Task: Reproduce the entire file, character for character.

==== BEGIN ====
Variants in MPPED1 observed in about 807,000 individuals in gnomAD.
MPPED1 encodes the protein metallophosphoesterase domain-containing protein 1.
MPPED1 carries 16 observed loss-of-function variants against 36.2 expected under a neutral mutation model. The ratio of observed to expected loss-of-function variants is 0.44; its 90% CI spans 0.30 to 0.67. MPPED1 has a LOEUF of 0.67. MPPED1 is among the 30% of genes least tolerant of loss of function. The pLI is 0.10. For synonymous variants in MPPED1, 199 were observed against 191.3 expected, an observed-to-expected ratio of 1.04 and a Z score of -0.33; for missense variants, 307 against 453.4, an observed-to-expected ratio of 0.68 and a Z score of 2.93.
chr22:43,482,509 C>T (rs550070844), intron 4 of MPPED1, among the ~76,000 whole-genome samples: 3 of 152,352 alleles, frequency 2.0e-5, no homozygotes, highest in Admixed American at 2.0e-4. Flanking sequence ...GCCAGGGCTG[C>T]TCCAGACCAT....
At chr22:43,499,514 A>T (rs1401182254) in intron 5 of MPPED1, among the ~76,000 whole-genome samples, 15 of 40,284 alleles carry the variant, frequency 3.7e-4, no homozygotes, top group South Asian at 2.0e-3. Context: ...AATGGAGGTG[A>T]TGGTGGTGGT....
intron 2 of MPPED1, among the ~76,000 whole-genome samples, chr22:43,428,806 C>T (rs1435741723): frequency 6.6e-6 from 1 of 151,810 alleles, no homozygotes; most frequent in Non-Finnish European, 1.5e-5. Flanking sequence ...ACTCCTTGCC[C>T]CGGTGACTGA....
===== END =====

Variants in MPPED1 observed in about 807,000 individuals in gnomAD.
MPPED1 encodes the protein metallophosphoesterase domain-containing protein 1.
MPPED1 carries 16 observed loss-of-function variants against 36.2 expected under a neutral mutation model. The ratio of observed to expected loss-of-function variants is 0.44; its 90% CI spans 0.30 to 0.67. MPPED1 has a LOEUF of 0.67. MPPED1 is among the 30% of genes least tolerant of loss of function. The pLI is 0.10. For synonymous variants in MPPED1, 199 were observed against 191.3 expected, an observed-to-expected ratio of 1.04 and a Z score of -0.33; for missense variants, 307 against 453.4, an observed-to-expected ratio of 0.68 and a Z score of 2.93.
chr22:43,482,509 C>T (rs550070844), intron 4 of MPPED1, among the ~76,000 whole-genome samples: 3 of 152,352 alleles, frequency 2.0e-5, no homozygotes, highest in Admixed American at 2.0e-4. Flanking sequence ...GCCAGGGCTG[C>T]TCCAGACCAT....
At chr22:43,499,514 A>T (rs1401182254) in intron 5 of MPPED1, among the ~76,000 whole-genome samples, 15 of 40,284 alleles carry the variant, frequency 3.7e-4, no homozygotes, top group South Asian at 2.0e-3. Context: ...AATGGAGGTG[A>T]TGGTGGTGGT....
intron 2 of MPPED1, among the ~76,000 whole-genome samples, chr22:43,428,806 C>T (rs1435741723): frequency 6.6e-6 from 1 of 151,810 alleles, no homozygotes; most frequent in Non-Finnish European, 1.5e-5. Flanking sequence ...ACTCCTTGCC[C>T]CGGTGACTGA....